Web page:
After that, we go through a large storeroom. In one section, a number of spiky steel statues stand, jammed together like a crowd behind a barrier. They are awaiting repair after being damaged in transit on their way back from the Baltic arts complex in Gateshead, where they were among 250 sculptures cast from the bodies of local residents. "I was amazed by the number of people who volunteered," he says. "It's a very powerful thing - being moulded."
He should know. He has, over the years, developed a technique that involves smearing baby-oil all over his body, wrapping himself in clingfilm, and then being covered by his assistants in dental plaster. He then assumes the required pose until it sets hard - breathing through straws stuffed up his nostrils or a tiny mouth-hole. Then the mould is cut from him using chisels and hacksaws. From the mould, he then casts a "positive" of his body.
There is "nothing special" about his body, he insists, indeed, he describes it as peculiar and wonky. But if you translate the particular into the universal, then it becomes the body that lies within all of us. "The body is an instrument of extreme subtlety, that communicates whether we recognise it or not," he has said. "The body is a language before language." Yet even this is not the really exciting bit.
Before we get to that, however, there is something else to establish about the body. What, I ask, is the origin of his obsession? Was it because his mother was a physiotherapist? He laughs again. For a man whose seriousness about his art can swiftly zoom into oxygen-deprived stratospheric levels, there is an engaging playfulness about Gormley. "My mother was always very keen on callisthenics and healthy living," he says, falling into impersonation: "'Now dear, the tennis courts are booked... it's time to get the boats out... it's time for your swim...' She was very good at all that. She still is, even though she's 95."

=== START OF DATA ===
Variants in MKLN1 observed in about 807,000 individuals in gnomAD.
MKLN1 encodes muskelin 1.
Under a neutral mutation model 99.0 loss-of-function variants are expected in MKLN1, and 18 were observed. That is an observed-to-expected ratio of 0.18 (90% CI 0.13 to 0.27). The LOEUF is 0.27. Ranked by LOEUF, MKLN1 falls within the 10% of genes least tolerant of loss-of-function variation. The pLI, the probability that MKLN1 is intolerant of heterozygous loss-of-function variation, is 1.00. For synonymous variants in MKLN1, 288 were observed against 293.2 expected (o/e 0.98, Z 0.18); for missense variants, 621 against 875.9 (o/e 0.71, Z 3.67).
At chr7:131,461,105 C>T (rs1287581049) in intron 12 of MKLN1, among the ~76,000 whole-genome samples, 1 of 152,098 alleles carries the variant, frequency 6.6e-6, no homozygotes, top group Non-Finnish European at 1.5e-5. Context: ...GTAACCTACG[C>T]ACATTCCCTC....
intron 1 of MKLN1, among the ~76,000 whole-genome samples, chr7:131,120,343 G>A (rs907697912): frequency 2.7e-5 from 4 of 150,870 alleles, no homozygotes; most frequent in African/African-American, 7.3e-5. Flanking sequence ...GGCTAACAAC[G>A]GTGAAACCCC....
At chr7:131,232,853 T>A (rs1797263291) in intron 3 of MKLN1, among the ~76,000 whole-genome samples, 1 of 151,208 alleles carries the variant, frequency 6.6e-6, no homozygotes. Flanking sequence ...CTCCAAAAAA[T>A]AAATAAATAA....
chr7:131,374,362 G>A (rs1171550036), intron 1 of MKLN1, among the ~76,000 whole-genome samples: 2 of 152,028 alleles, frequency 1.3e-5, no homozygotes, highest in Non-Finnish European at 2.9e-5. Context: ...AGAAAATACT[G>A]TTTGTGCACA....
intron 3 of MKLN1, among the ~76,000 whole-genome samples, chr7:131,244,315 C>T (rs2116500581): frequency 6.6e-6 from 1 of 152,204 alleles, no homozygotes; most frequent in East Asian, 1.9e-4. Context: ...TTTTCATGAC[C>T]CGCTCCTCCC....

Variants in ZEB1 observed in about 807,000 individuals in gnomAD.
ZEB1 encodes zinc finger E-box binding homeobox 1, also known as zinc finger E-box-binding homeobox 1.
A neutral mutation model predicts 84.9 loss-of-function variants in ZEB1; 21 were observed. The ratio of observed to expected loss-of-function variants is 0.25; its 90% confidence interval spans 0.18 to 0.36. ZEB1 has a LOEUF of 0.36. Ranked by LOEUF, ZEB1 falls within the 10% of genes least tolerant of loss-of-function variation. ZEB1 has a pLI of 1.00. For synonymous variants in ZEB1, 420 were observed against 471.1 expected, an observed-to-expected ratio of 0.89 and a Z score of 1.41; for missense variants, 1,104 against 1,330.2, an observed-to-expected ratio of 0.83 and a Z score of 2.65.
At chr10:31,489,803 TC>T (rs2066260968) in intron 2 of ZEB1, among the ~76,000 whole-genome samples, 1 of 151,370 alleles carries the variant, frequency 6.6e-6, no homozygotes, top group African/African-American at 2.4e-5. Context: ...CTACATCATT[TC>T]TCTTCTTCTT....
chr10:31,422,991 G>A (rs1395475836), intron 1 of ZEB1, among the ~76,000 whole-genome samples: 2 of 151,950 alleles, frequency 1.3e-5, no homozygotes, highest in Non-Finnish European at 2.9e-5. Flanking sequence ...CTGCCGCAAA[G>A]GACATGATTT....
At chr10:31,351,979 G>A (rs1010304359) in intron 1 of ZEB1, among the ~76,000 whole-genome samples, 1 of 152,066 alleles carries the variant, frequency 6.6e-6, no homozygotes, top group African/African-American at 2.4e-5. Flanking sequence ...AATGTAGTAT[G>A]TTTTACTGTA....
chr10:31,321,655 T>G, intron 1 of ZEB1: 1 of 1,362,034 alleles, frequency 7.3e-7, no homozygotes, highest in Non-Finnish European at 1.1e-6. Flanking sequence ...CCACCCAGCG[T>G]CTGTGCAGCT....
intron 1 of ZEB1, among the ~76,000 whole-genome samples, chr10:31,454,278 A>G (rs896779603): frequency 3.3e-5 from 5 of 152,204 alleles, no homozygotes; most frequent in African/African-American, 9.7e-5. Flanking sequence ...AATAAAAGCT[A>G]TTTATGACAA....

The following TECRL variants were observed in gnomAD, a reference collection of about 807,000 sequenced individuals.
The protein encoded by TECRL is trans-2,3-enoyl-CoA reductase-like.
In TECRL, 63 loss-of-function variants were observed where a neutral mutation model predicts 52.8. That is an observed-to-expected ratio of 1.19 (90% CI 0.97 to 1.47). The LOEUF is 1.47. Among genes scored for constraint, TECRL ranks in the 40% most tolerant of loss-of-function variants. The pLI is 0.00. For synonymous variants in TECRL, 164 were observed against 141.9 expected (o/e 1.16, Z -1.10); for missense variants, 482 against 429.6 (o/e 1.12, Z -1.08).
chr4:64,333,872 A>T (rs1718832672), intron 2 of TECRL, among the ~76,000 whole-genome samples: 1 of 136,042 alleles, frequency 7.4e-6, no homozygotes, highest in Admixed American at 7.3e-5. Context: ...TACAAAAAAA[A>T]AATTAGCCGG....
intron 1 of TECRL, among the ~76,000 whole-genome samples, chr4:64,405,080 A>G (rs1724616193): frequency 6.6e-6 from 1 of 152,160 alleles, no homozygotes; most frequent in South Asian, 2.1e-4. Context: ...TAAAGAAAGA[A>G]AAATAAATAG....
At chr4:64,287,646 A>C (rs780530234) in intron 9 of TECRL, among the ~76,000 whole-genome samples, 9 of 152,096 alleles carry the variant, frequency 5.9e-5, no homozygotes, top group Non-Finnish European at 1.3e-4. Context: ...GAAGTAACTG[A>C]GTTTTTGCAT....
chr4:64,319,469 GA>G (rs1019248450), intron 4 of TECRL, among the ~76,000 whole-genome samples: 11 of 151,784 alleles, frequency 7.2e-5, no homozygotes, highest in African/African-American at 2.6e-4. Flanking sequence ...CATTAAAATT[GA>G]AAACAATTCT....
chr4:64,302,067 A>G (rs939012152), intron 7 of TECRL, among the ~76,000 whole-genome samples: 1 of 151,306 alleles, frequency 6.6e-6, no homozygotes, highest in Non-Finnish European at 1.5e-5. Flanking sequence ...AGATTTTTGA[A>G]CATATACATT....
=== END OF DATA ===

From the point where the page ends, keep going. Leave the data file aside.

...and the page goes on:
Or was it to do with childhood Saturdays in the British Museum, where he became fascinated with a 6,000-year-old red-haired Egyptian mummy nicknamed Ginger? "Ginger was the morbid magnet that would make you rush through those dusty Egyptian galleries. He hadn't had the wrapping job, or his brains pulled out through his nose. He just looked like he'd gone to sleep, in the crouching position in which he'd been buried in a sandstorm. The sand had dried him out perfectly." There is, he supposes, "a lot of mummy in my work. I love all that stuff".